Adding Dream Global REIT (TSX:DRG.UN) to your portfolio will give you exposure to Germany and likely boost your income, but before you decide to invest in it or not, let’s take a look at its business first.

The business

The real estate investment trust (REIT) has more than 200 office and mixed-use space properties primarily in Germany. Last year it invested in a property in a joint venture in Vienna, Austria. In total, Dream Global has $2.8 billion of assets across 13.5 million square feet of gross leasable area.

It focuses on seven major office markets in Germany, including the cities of Hamburg, Dusseldorf, Cologne, Frankfurt, Stuttgart, Munich, and Berlin. In February it acquired a property in Essen and another in Munich. Both had high occupancy rates of 96% compared to Dream Global’s portfolio occupancy of 88%.

As mentioned, Dream Global also participates in joint ventures. At the end of the first quarter Dream Global had a 50% interest in nine properties and 10% interest in another.

Top tenants

Deutsche Post has a BBB+ credit rating and is Dream Global’s top tenant. Although there’s concentration risk in this top tenant because it contributes 22% of the REIT’s annual gross rental income (GRI), the concentration risk has been significantly reduced from 2011’s 85% contribution.

Dream Global’s remaining top nine tenants contribute between 1.2% and 3.4% of GRI, including the Government of Hamburg, the Government of Dusseldorf, and companies such as ERGO Direkt Lebensversicherungs AG, BNP Paribas Fortis SA/NV, and Google Germany GmbH, which have A-grade credit ratings.

Is its distribution safe?

Dream Global has a short history as it had its initial public offering in August 2011. However, it has maintained its monthly distribution so far.

Based on the REIT’s first-quarter diluted funds from operations (FFO) per unit, its payout ratio was 100%. The distribution reinvestment plan (DRIP) participation of 13% managed to bring the actual payout ratio down to 97%, which is cutting it very close. At $9.24 per unit, Dream Global yields almost 8.7%.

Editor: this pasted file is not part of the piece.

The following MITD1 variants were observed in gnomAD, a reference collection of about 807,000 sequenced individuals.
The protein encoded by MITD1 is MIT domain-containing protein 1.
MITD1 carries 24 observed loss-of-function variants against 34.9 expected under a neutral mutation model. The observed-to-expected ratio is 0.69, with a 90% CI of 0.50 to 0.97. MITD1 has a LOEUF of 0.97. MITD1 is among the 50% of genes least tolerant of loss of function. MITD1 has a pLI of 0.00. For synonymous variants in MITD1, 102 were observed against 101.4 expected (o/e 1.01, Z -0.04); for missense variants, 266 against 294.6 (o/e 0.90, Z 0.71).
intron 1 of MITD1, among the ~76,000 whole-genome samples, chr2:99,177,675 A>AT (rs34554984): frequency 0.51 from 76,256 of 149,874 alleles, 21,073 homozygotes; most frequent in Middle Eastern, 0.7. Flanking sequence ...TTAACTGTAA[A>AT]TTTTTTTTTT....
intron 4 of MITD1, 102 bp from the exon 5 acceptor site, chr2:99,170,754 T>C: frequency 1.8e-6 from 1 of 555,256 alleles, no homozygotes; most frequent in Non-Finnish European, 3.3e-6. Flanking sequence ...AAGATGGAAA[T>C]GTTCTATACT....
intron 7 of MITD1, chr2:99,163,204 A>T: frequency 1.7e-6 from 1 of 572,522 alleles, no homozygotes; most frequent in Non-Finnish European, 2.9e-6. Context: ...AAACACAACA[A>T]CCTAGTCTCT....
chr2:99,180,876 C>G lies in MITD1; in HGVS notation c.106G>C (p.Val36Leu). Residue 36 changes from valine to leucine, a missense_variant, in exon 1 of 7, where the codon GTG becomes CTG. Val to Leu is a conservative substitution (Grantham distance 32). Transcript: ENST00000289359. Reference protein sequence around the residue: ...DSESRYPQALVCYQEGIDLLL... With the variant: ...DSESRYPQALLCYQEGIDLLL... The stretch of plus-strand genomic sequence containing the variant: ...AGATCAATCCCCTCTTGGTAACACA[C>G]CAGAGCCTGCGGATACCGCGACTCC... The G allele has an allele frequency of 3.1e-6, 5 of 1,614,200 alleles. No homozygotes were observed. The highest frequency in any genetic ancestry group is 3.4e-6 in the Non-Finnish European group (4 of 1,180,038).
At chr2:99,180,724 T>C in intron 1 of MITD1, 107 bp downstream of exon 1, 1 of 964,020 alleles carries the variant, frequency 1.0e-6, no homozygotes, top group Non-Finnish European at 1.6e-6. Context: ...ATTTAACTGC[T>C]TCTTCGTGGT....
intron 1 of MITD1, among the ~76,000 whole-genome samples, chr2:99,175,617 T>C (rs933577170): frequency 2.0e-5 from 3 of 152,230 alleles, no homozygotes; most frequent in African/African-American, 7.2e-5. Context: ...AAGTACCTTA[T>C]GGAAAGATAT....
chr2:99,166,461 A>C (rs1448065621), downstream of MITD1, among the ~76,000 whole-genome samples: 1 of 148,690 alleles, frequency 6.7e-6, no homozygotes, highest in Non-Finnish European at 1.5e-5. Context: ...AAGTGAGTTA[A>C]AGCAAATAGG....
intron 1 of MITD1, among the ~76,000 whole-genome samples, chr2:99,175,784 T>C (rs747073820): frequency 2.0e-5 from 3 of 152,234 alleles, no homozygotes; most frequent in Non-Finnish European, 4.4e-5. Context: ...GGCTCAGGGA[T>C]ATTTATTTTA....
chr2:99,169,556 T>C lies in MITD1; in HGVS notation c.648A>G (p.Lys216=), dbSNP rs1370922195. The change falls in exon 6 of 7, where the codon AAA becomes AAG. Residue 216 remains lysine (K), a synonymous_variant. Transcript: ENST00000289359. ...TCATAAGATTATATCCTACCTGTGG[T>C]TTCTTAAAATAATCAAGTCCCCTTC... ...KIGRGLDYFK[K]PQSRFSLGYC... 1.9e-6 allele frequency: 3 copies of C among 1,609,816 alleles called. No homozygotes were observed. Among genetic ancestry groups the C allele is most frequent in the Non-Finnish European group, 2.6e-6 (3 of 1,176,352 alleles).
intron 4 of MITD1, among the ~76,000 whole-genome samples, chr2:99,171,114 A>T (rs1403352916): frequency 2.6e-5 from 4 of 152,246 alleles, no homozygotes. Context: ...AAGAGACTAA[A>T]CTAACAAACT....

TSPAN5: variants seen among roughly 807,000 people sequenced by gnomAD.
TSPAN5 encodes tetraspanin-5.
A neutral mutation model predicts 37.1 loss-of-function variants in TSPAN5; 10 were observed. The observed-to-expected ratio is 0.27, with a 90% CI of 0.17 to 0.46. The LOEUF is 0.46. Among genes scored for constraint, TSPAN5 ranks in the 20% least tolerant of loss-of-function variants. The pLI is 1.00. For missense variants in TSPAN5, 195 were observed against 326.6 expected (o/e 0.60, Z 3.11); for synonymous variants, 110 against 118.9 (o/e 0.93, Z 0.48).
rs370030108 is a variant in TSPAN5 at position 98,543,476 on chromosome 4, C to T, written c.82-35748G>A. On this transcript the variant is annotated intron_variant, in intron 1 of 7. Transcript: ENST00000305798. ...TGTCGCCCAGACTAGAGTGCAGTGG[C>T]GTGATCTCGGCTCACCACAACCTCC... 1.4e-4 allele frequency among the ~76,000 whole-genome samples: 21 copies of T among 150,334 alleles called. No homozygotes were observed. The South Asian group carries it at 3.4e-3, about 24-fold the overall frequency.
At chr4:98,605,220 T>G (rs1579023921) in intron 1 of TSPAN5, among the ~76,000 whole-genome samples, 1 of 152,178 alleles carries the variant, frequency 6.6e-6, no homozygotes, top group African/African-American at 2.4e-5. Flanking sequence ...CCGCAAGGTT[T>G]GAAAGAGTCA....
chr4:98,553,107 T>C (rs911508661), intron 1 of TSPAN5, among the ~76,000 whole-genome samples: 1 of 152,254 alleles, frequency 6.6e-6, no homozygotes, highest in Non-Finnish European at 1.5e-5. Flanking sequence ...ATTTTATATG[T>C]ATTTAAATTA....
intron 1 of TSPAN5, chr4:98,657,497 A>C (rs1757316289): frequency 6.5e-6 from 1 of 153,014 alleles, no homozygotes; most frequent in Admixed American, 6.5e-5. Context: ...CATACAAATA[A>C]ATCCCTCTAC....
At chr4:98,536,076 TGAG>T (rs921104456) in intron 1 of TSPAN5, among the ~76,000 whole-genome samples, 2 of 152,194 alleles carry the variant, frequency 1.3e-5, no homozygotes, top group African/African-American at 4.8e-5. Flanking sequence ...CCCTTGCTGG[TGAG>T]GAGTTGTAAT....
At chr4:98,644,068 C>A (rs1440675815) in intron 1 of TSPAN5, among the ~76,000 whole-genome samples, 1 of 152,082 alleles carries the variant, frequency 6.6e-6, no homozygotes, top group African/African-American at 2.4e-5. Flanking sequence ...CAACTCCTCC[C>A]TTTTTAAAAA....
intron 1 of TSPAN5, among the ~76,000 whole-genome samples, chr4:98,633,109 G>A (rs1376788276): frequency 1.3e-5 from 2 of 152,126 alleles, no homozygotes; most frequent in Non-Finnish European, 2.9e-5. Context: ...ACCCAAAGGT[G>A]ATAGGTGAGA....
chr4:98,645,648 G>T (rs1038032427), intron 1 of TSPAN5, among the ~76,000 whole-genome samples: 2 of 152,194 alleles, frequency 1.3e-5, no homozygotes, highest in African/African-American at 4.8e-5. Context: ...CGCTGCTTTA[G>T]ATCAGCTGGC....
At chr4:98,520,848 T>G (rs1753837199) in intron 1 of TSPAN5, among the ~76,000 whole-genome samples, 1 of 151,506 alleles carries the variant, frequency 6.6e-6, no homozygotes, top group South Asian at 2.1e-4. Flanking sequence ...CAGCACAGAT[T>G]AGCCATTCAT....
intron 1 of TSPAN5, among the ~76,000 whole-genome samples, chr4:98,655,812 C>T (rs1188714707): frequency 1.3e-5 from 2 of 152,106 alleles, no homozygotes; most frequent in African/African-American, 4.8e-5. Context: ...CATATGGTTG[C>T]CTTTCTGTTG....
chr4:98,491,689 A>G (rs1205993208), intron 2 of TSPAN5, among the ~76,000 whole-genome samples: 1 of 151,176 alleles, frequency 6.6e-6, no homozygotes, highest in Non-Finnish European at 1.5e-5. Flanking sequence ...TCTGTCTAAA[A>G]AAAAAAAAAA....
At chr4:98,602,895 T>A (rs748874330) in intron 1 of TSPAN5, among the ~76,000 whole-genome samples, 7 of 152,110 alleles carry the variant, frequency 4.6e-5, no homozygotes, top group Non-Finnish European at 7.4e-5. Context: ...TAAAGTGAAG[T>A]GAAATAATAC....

Improving fundamentals

There are things to cheer about, though. With record-low mortgage rates in Germany, Dream Global has been able to reduce the cost of borrowing. For example, the REIT’s most recent financing of an asset in Munich has a fixed interest rate of 1.07% for a seven-year term.

From Q4 2014 to Q1 2016, Dream Global’s occupancy rate increased 2.7% to 88%. Its average rental rates have also been increasing.


Dream Global’s interest coverage ratio was 2.78 times, and its debt to gross book value was 55% in the first quarter. These ratios were less favourable than in the first quarter of 2015. However, the REIT reassured investors that this is a temporary phenomenon due to the use of its revolving credit facility to partially fund its first-quarter acquisitions.


Dream Global’s 8.7% yield is enticing. However, investors buying it for income should watch three things.

First, ensure Deutsche Post remains financially healthy and note if Dream Global continues to reduce its exposure to this top tenant to further reduce concentration risk.

Second, keep a watchful eye on Dream Global’s payout ratio and DRIP participation. With a payout ratio that has little to no margin of safety, if the REIT’s FFO falls or its DRIP participation falls, Dream Global’s distribution could be in danger.

Lastly, watch for any uptick in interest rates in Germany. Higher interest rates would mean greater interest expense, making it more costly for Dream Global to borrow.

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Fool contributor Kay Ng owns shares of DREAM GLOBAL REIT.